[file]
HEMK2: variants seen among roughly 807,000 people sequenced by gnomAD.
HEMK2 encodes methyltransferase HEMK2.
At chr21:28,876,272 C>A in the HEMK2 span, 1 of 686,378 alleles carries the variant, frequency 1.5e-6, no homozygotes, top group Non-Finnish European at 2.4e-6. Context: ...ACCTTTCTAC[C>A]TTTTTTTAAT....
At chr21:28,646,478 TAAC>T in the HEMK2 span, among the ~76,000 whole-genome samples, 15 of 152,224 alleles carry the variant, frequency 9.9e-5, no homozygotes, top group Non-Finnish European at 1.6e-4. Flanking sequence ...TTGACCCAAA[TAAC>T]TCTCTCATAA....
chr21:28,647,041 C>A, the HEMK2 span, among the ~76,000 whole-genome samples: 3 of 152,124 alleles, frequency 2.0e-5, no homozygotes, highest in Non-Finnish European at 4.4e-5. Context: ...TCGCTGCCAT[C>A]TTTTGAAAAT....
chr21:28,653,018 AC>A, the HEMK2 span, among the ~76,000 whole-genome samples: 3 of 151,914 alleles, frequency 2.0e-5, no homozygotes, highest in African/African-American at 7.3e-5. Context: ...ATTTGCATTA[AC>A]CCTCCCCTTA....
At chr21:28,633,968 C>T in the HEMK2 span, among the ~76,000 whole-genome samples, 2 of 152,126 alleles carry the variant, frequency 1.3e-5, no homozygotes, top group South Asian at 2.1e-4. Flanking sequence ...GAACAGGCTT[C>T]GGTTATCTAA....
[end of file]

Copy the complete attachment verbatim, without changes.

HEMK2: variants seen among roughly 807,000 people sequenced by gnomAD.
HEMK2 encodes methyltransferase HEMK2.
At chr21:28,876,272 C>A in the HEMK2 span, 1 of 686,378 alleles carries the variant, frequency 1.5e-6, no homozygotes, top group Non-Finnish European at 2.4e-6. Context: ...ACCTTTCTAC[C>A]TTTTTTTAAT....
At chr21:28,646,478 TAAC>T in the HEMK2 span, among the ~76,000 whole-genome samples, 15 of 152,224 alleles carry the variant, frequency 9.9e-5, no homozygotes, top group Non-Finnish European at 1.6e-4. Flanking sequence ...TTGACCCAAA[TAAC>T]TCTCTCATAA....
chr21:28,647,041 C>A, the HEMK2 span, among the ~76,000 whole-genome samples: 3 of 152,124 alleles, frequency 2.0e-5, no homozygotes, highest in Non-Finnish European at 4.4e-5. Context: ...TCGCTGCCAT[C>A]TTTTGAAAAT....
chr21:28,653,018 AC>A, the HEMK2 span, among the ~76,000 whole-genome samples: 3 of 151,914 alleles, frequency 2.0e-5, no homozygotes, highest in African/African-American at 7.3e-5. Context: ...ATTTGCATTA[AC>A]CCTCCCCTTA....
At chr21:28,633,968 C>T in the HEMK2 span, among the ~76,000 whole-genome samples, 2 of 152,126 alleles carry the variant, frequency 1.3e-5, no homozygotes, top group South Asian at 2.1e-4. Flanking sequence ...GAACAGGCTT[C>T]GGTTATCTAA....